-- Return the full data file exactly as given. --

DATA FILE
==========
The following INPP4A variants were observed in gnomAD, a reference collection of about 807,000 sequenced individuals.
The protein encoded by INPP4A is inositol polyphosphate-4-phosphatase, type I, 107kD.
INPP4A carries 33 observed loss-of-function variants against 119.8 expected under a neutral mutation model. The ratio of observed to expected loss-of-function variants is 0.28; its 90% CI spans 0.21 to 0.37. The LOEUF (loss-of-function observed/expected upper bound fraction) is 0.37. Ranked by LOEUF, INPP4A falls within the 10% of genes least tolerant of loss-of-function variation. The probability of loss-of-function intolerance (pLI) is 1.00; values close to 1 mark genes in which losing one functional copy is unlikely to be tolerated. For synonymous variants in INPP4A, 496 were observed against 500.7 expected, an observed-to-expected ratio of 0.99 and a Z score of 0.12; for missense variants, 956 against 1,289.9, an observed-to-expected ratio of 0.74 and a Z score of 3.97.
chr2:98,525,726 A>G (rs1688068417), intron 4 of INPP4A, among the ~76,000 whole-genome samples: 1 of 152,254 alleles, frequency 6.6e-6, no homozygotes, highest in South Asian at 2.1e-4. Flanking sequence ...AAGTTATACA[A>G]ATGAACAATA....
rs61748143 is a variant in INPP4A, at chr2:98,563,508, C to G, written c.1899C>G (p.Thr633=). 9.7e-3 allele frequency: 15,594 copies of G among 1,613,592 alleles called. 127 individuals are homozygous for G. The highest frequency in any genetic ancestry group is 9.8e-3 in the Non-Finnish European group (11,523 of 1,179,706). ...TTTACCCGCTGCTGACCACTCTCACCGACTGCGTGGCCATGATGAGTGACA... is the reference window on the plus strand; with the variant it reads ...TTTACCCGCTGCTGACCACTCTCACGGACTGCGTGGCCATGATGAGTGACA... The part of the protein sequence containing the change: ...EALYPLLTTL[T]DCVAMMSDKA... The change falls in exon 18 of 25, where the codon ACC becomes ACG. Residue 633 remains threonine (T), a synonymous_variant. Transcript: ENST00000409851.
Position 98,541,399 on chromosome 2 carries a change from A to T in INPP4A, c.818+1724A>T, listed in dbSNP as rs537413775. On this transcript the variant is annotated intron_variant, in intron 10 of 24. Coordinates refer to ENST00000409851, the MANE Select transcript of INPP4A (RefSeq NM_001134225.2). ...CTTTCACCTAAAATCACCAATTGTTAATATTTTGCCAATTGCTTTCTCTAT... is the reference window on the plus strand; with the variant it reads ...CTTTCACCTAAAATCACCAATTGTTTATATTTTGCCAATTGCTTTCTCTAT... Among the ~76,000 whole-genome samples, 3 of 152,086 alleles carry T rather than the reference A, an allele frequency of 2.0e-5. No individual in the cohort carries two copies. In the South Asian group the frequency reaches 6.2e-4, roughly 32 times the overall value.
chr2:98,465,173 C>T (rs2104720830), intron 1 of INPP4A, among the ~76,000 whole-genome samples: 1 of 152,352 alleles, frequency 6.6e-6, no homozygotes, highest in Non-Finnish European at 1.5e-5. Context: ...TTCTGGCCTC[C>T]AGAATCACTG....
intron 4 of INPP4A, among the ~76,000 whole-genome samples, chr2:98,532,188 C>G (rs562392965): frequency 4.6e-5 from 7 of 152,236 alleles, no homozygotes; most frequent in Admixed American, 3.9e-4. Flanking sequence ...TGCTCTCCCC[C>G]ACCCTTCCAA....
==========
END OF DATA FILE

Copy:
The following INPP4A variants were observed in gnomAD, a reference collection of about 807,000 sequenced individuals.
The protein encoded by INPP4A is inositol polyphosphate-4-phosphatase, type I, 107kD.
INPP4A carries 33 observed loss-of-function variants against 119.8 expected under a neutral mutation model. The ratio of observed to expected loss-of-function variants is 0.28; its 90% CI spans 0.21 to 0.37. The LOEUF (loss-of-function observed/expected upper bound fraction) is 0.37. Ranked by LOEUF, INPP4A falls within the 10% of genes least tolerant of loss-of-function variation. The probability of loss-of-function intolerance (pLI) is 1.00; values close to 1 mark genes in which losing one functional copy is unlikely to be tolerated. For synonymous variants in INPP4A, 496 were observed against 500.7 expected, an observed-to-expected ratio of 0.99 and a Z score of 0.12; for missense variants, 956 against 1,289.9, an observed-to-expected ratio of 0.74 and a Z score of 3.97.
chr2:98,525,726 A>G (rs1688068417), intron 4 of INPP4A, among the ~76,000 whole-genome samples: 1 of 152,254 alleles, frequency 6.6e-6, no homozygotes, highest in South Asian at 2.1e-4. Flanking sequence ...AAGTTATACA[A>G]ATGAACAATA....
rs61748143 is a variant in INPP4A, at chr2:98,563,508, C to G, written c.1899C>G (p.Thr633=). 9.7e-3 allele frequency: 15,594 copies of G among 1,613,592 alleles called. 127 individuals are homozygous for G. The highest frequency in any genetic ancestry group is 9.8e-3 in the Non-Finnish European group (11,523 of 1,179,706). ...TTTACCCGCTGCTGACCACTCTCACCGACTGCGTGGCCATGATGAGTGACA... is the reference window on the plus strand; with the variant it reads ...TTTACCCGCTGCTGACCACTCTCACGGACTGCGTGGCCATGATGAGTGACA... The part of the protein sequence containing the change: ...EALYPLLTTL[T]DCVAMMSDKA... The change falls in exon 18 of 25, where the codon ACC becomes ACG. Residue 633 remains threonine (T), a synonymous_variant. Transcript: ENST00000409851.
Position 98,541,399 on chromosome 2 carries a change from A to T in INPP4A, c.818+1724A>T, listed in dbSNP as rs537413775. On this transcript the variant is annotated intron_variant, in intron 10 of 24. Coordinates refer to ENST00000409851, the MANE Select transcript of INPP4A (RefSeq NM_001134225.2). ...CTTTCACCTAAAATCACCAATTGTTAATATTTTGCCAATTGCTTTCTCTAT... is the reference window on the plus strand; with the variant it reads ...CTTTCACCTAAAATCACCAATTGTTTATATTTTGCCAATTGCTTTCTCTAT... Among the ~76,000 whole-genome samples, 3 of 152,086 alleles carry T rather than the reference A, an allele frequency of 2.0e-5. No individual in the cohort carries two copies. In the South Asian group the frequency reaches 6.2e-4, roughly 32 times the overall value.
chr2:98,465,173 C>T (rs2104720830), intron 1 of INPP4A, among the ~76,000 whole-genome samples: 1 of 152,352 alleles, frequency 6.6e-6, no homozygotes, highest in Non-Finnish European at 1.5e-5. Context: ...TTCTGGCCTC[C>T]AGAATCACTG....
intron 4 of INPP4A, among the ~76,000 whole-genome samples, chr2:98,532,188 C>G (rs562392965): frequency 4.6e-5 from 7 of 152,236 alleles, no homozygotes; most frequent in Admixed American, 3.9e-4. Flanking sequence ...TGCTCTCCCC[C>G]ACCCTTCCAA....